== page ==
Subject: Re: Some help with disklabel please?
To: Bill Studenmund <email@example.com>
From: Jason Thorpe <firstname.lastname@example.org>
Date: 08/09/1995 15:24:49
On Wed, 9 Aug 1995 14:51:56 -0700 (PDT)
email@example.com (Bill Studenmund) wrote:
> > Indeed, it's arguable that all NetBSD ports should support the disklabel
> > format of all other NetBSD ports of at least the same byte order...
> I think that all ports should be able to deal w/ all byte-orders. Why?
> I think everybody should be able to read DOS disks as they are so
> prevelant. Yes, many people think DOS is evil. Unfortunatly it is
> becoming a standard. Also, being able to support variable-endianness
> would complicate things. But the ISO CDROM code does this, so we'd
> have a working model for int-swapping routines, etc.
Note I said "at least the same byte order". :-) Yah, cd9660 does this,
but I've gathered from a discussion or two that it's non-trivial to do
this with FFS, at least. msdosfs may be a different story ... unknown.
Also, your reasoning goes that all ports should also be able to read
SunOS disks (which was my original motivation; I had to plug one into my
hp380) since they're so prevalent.
I don't dispute that this is a worthy goal. It's just not as easy as one
> > Ummm ... well, given that disklabels are _not_ UFS-specific, this is a
> > less-than-desirable place to put them. My code lived in
> > sys/kern/subr_disklabel.c.
> I'd tend to agree with you on this point. Maybe sys/kern/disklabels or
> sys/miscfs/disklabels? Though exactly where is not a big deal, IMHO.
Why do you even need a directory?
> > * At least in the MI SCSI code, the disklabel is read then the
> > device is opened, not when it is probed/matched/attached.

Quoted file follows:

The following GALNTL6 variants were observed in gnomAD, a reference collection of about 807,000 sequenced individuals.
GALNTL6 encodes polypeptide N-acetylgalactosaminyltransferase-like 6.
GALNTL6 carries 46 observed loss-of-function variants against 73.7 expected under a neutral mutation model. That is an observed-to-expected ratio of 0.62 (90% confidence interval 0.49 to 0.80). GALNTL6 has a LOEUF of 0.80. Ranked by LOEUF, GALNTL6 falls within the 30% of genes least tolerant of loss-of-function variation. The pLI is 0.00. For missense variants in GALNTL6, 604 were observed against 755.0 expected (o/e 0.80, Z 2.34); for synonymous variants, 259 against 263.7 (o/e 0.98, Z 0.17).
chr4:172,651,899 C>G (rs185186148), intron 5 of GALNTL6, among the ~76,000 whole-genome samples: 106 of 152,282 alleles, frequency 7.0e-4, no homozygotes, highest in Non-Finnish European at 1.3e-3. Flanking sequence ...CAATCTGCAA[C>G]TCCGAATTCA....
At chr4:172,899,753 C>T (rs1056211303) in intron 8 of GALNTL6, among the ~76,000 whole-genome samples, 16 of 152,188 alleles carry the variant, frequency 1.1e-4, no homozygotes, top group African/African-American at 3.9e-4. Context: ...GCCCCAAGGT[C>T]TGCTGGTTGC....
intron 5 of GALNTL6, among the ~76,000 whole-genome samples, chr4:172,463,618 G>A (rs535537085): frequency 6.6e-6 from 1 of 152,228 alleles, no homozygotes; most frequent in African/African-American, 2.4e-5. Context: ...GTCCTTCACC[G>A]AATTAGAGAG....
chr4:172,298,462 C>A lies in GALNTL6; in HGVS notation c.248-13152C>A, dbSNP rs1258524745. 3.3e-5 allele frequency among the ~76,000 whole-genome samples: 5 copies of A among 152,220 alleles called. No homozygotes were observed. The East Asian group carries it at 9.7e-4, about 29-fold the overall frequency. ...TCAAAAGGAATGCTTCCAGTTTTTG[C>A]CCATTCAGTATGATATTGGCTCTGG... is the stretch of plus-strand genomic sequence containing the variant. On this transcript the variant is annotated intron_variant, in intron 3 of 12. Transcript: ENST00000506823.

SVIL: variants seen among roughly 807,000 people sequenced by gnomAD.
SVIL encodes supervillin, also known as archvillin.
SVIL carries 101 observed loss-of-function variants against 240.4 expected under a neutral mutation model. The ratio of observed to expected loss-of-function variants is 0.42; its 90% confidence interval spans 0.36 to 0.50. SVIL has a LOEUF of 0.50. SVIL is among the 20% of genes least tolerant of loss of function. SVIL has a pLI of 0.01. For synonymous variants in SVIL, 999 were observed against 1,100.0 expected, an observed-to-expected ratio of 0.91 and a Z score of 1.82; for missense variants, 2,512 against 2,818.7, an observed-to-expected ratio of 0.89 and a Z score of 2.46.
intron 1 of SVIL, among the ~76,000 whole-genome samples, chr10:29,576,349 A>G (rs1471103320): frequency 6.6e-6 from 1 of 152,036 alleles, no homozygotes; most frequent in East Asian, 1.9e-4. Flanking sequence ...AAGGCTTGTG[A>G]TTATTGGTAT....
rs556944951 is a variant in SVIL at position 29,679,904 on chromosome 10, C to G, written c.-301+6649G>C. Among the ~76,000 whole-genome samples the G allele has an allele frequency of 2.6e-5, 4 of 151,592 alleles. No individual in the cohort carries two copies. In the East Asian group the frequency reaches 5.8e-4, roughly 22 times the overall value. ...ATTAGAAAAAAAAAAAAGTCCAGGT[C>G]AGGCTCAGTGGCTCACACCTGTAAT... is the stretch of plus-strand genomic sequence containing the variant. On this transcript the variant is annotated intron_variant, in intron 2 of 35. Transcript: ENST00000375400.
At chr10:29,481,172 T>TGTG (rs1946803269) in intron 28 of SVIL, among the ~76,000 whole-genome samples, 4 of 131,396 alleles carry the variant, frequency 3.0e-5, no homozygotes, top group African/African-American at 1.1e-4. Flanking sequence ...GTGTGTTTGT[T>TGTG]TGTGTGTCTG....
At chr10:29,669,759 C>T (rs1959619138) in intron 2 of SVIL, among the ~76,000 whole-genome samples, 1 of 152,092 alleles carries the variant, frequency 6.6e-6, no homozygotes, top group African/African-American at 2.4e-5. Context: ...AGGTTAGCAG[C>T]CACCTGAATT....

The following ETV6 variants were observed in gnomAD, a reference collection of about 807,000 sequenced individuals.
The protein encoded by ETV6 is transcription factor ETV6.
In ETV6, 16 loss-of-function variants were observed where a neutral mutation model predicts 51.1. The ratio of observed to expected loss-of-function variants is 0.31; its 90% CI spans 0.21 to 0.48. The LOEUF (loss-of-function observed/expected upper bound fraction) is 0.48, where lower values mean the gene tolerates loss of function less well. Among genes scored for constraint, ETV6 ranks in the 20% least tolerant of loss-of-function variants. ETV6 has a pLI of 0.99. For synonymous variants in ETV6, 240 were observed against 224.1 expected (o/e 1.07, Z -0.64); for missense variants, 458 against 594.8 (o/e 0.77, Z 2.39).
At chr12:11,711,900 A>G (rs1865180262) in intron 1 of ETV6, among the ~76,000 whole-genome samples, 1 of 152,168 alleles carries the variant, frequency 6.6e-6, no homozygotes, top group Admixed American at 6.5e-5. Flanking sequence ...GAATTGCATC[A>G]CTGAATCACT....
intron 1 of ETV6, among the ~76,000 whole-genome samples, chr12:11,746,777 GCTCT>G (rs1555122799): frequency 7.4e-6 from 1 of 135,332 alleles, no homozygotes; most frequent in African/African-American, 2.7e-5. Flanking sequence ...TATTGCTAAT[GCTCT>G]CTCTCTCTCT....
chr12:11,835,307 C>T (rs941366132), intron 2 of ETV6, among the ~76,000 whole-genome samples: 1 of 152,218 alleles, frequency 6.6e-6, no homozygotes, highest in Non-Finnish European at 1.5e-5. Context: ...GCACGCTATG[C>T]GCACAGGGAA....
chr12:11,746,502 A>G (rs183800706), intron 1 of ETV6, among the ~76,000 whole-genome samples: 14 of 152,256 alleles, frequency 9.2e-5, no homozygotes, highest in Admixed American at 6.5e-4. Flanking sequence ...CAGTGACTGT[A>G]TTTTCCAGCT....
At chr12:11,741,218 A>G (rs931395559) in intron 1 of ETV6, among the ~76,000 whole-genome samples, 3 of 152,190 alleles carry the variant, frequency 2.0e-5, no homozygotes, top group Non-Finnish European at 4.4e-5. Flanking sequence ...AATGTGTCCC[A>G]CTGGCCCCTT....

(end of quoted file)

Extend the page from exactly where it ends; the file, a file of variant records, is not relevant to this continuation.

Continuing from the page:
> My ignorance shows at this point. When _which_ device is opened? One of the
> sdXY's? But don't you need a disktab to see if a device really does
> anything? Also, is the timing of when the disklabel gets read critical?
> As long as it's after the ability to talk to the drive exists, and before
> people want to use the partitions, does it make a difference?
No, you don't need a `disktab' file ... that's only used by a few
user-land utilities whenever a disklabel isn't available (like, when
newfs'ing floppies, for example). disklabel(8) can also use it to
install `default' partitioning on new disks, but given that /etc/disktab
is not really up to date with the latest disk hardware releases, it's not
particularly useful anyhow.
* open the device. Make sure the partition info is a up-to-date as can be.
sdopen(dev, flag, fmt)
int flag, fmt;
struct sd_softc *sd;
[ . . . ]
/* Load the partition info if not already loaded. */
SC_DEBUG(sc_link, SDEV_DB3, ("Disklabel loaded "));
[ . . . ]
While is says "if not already loaded", the in-core copy of the disklabel
is updated _every time_ a partition on any given disk is opened, as far
as I can tell.
Also note, that if you swap to sd0b, for example, sdsize() gets called by
the swap code, to get the size of the partition. This causes an open/close
sequence on that partition, which causes the disklabel to be updated.
> > * Not all ports keep the `whole disk' in the `c' partition.
> I don't think this will be a problem. The disktab reading routine
> can read whatever it needs off of "c" to build a new disktab. It then
> closes "c", installs the new disktab, and away it goes. At that point,
> the port does whatever it wants.
Ummm ... no, because `c' doesn't mean the same thing on, for example, the
i386 port and the hp300 port (two of the four I work with the most). And,
that exactly are you reading off of `c' to build a new `disktab'?
> I.E. most system's would have something in d, and the disk in c. On
> a platform that does it different, the something would go into c, and
> the whole disk into d.
Not necessarily ... the i386 port, for example, keeps the `whole disk' in
`d', and `all of NetBSD's portion of the disk' in `c'. So, a simple swap
doesn't work. Not to mention, that sort of violates the convention
behind partition naming...
> Why do some ports not keep everything in c?
Another point to make here, I suppose, is that not all ports that use
NetBSD-format disklabels keep them in the same place (for various
reasons). Just something else to think about :-)
Jason R. Thorpe firstname.lastname@example.org
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